Sir Garfield Sobers, arguably the greatest player the game has ever known, declared the 16-team, 49-day, 51-match tournament open.
"On behalf of the West Indies, it is my honour and privilege to declare the ninth ICC Cricket World Cup officially open," said Sobers.
Chris Dehring, the chief executive of the organising committee, said the Caribbean was the ideal place to host the event which has cost in the region of 400 million dollars to stage.
"The world will see the best cricketers competing against the backdrop of one of the most blessed places on the planet," he said.
"They will see exciting cricket inspired by the rhythm and soul of the West Indies."
He added that the tournament was the reward for years of "sweat and tears, hard work and sacrifice".
Ricky Ponting, the skipper of defending champions Australia, said he was keen to get the action underway.
"This is a huge night," he said. "Our preparations have been really good and now we are looking forward to getting the tournament underway."
The three-hour ceremony at the Trelawny Stadium featured a host of Caribbean entertainers including reggae legend Jimmy Cliff and Shaggy.
Titled West Indian Energy, the two-million-dollar event also involved around more than 2,000 singers, dancers and performers.
In all, 16 teams will play a total of 51 matches at grounds spread around nine different Caribbean nations, with the final in Barbados on April 28.
International Cricket Council (ICC) president Percy Sonn told the crowd: "All cricket lovers know about the riches the players from the West Indies have brought to this marvellous game.
"It is more than appropriate that the World Cup is staged here for the first time.
"In as much as the West Indies represents unity and diversity, so do the countries taking part with all drawn from the five continents. The tie that binds us is the one we call the spirit of cricket.
"We will honour the ethics of the game under all circumstances."
Sonn added that throughout the tournament, players will wear ribbons to show their support for AIDS awareness as well as their backing for UNICEF.
Record-breaking West Indies skipper Brian Lara read the players pledge.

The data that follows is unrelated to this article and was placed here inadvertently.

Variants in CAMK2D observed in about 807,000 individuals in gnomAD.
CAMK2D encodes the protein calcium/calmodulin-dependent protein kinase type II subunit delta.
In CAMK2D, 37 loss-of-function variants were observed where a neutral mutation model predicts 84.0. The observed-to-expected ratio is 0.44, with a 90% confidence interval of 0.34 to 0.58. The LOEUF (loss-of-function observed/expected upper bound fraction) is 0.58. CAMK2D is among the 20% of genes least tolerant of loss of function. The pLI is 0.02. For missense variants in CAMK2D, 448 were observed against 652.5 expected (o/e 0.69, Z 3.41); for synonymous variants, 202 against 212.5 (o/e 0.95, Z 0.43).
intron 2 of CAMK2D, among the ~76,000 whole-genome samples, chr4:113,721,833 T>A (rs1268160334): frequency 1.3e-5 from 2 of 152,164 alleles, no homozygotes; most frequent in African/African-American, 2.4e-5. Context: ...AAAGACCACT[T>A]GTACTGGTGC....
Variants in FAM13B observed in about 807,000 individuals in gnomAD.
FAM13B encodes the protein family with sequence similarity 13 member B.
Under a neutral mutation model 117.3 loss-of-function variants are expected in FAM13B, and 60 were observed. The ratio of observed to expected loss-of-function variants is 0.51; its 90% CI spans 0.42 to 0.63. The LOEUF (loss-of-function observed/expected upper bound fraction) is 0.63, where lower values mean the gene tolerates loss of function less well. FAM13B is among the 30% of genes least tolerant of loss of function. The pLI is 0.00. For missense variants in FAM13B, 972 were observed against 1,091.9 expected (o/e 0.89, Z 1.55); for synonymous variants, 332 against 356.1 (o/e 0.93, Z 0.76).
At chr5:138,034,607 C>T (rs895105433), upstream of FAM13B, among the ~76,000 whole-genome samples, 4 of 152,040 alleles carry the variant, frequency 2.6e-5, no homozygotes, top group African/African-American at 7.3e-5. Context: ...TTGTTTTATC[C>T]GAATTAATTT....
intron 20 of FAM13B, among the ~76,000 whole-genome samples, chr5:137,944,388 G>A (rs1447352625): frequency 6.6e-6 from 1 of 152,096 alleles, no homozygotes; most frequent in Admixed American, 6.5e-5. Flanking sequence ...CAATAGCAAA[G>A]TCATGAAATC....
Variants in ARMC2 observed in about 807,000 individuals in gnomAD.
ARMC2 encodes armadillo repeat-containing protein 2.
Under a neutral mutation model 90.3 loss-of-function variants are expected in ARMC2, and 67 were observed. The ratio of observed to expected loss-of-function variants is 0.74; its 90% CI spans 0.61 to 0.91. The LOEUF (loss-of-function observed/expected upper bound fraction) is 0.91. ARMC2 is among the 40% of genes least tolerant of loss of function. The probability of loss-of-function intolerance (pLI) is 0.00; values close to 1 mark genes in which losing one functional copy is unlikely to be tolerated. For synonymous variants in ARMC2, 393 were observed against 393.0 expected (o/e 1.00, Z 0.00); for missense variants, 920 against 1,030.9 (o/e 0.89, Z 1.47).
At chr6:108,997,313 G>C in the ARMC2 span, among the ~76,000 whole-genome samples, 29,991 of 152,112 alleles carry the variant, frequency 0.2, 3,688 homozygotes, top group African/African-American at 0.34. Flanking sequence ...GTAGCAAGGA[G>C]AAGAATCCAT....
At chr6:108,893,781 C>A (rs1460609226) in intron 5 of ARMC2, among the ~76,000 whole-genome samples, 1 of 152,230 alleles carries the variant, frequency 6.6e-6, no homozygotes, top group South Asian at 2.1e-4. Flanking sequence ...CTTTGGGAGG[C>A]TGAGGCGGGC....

There was loud applause for Grenada premier Keith Mitchell, whose country will host matches two years after being ravaged by a second hurricane, as well as for Jamaica prime minister Portia Simpson Miller and Jamaican reggae singer Sean Paul.
All 16 competing teams took part in a parade around the stadium.
Despite the optimism of the ceremony, the tournament has been dogged by problems in the build-up with many stadiums facing construction delays while some hotel operators have been accused of profiteering by trebling rates.
Around 250 million dollars has been spent on building new or refurbishing existing stadiums mostly in partnership with foreign governments and with the Chinese heavily involved.
Venue development director Don Lockerbie said Sunday that not all grounds were 100-percent ready although he was confident that the shortcomings would not effect the event which runs until April 28.
"I think a lot of the venues have waited to the very last to get some of the final bits of construction in and, as a perfectionist, I'm a little disappointed that I don't see all the landscaping full out and the roads all paved and things around the stadiums finished," said Lockerbie.
"Construction is very difficult in this part of the world, but I will say we are ready. I will say we can put on a fabulous World Cup in these venues and I look for them maybe to mature in the future."
There are also concerns amongst players and coaches over the state of the pitches on which the matches will be played.
At the warm-up game between South Africa and Pakistan in Trinidad on Friday, the action was held up for 10 minutes as players and officials debated whether the wicket was fit to play.
South Africa slumped to 56-3 and then were all out for 199.
At Trelawny, on the same day, West Indies collapsed to 85 all out in their nine-wicket defeat to India.
"Judging from what we have seen and heard of the pitches, it seems that this World Cup will be a 'bowl first' tournament," said South Africa coach Mickey Arthur.
The first match of the World Cup takes place on Tuesday with hosts West Indies facing Pakistan at Sabina Park in Jamaica.